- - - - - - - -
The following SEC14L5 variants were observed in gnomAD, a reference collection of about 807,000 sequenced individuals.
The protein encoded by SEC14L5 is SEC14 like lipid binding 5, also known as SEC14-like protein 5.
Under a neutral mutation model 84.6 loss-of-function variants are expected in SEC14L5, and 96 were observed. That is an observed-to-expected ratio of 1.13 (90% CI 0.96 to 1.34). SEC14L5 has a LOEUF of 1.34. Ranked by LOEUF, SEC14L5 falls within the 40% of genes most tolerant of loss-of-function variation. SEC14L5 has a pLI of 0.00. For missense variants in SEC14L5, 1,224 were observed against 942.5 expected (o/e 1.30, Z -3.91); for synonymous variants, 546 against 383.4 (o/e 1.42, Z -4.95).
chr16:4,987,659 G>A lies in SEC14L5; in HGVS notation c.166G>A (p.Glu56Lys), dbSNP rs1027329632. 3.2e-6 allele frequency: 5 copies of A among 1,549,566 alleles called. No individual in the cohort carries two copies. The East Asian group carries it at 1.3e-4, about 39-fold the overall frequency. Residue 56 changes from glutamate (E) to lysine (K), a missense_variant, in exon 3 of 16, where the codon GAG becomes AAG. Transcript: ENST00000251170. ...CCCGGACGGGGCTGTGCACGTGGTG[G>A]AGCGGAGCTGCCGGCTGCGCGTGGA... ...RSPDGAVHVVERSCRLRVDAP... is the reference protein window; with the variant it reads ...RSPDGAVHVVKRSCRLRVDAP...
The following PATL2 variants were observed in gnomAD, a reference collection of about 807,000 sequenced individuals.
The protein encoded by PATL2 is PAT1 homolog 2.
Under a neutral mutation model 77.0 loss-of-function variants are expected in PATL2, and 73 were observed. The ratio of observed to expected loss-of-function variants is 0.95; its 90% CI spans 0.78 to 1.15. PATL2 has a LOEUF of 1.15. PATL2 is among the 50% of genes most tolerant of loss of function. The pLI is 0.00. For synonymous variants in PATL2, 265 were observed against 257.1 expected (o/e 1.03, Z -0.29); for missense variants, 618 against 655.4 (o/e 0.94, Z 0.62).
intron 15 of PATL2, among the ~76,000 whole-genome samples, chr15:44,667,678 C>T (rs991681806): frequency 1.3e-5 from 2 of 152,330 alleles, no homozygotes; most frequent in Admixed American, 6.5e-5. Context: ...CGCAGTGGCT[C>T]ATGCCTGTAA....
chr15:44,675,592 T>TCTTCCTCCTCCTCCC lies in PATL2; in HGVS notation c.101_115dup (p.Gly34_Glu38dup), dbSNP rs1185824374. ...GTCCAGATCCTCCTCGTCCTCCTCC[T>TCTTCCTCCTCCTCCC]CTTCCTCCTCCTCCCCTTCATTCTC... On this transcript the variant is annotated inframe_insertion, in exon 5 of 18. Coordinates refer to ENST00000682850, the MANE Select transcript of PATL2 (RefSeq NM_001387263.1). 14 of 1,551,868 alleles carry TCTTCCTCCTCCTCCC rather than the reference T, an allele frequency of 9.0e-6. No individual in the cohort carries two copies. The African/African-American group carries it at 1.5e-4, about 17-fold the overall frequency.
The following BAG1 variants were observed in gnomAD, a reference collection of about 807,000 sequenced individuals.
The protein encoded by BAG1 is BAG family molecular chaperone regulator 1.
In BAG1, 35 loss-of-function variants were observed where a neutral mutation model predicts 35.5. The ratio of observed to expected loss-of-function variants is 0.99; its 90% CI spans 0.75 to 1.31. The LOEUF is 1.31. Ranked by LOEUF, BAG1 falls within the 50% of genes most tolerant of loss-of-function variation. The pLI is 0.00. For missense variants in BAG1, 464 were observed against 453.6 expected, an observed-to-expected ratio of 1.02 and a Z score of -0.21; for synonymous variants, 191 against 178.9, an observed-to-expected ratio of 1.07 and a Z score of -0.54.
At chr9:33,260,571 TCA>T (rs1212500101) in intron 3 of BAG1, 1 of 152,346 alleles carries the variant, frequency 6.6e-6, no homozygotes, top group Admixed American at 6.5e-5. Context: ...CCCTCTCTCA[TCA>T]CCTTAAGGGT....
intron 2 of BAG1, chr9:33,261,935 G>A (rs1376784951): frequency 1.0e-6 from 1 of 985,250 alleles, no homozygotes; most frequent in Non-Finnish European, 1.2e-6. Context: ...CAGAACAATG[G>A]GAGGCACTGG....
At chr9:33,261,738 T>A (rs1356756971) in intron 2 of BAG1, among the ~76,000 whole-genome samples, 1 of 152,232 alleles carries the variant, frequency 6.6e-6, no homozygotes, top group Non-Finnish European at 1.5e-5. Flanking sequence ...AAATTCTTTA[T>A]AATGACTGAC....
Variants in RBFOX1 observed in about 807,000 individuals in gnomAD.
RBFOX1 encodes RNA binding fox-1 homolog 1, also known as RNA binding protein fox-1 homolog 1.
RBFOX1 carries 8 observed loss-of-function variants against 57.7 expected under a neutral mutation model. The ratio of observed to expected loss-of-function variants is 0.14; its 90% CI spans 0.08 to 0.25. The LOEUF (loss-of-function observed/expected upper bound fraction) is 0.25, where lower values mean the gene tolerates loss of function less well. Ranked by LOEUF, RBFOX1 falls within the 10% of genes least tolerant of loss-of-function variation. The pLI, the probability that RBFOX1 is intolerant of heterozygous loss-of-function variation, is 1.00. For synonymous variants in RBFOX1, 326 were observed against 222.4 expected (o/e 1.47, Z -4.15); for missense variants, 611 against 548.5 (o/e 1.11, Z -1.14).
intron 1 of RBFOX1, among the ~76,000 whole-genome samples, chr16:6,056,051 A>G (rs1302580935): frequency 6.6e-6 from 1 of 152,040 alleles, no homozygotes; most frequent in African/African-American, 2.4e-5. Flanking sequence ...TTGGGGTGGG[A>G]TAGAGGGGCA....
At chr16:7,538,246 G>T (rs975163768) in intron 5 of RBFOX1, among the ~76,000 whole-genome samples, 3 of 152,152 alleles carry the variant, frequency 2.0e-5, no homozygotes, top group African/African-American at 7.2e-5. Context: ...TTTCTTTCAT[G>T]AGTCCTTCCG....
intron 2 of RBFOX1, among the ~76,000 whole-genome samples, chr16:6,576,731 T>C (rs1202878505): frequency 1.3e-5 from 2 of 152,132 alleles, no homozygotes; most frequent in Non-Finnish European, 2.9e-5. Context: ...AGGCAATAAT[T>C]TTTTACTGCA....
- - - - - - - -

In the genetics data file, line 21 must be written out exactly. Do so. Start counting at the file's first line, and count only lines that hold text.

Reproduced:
intron 2 of RBFOX1, among the ~76,000 whole-genome samples, chr16:6,576,731 T>C (rs1202878505): frequency 1.3e-5 from 2 of 152,132 alleles, no homozygotes; most frequent in Non-Finnish European, 2.9e-5. Context: ...AGGCAATAAT[T>C]TTTTACTGCA....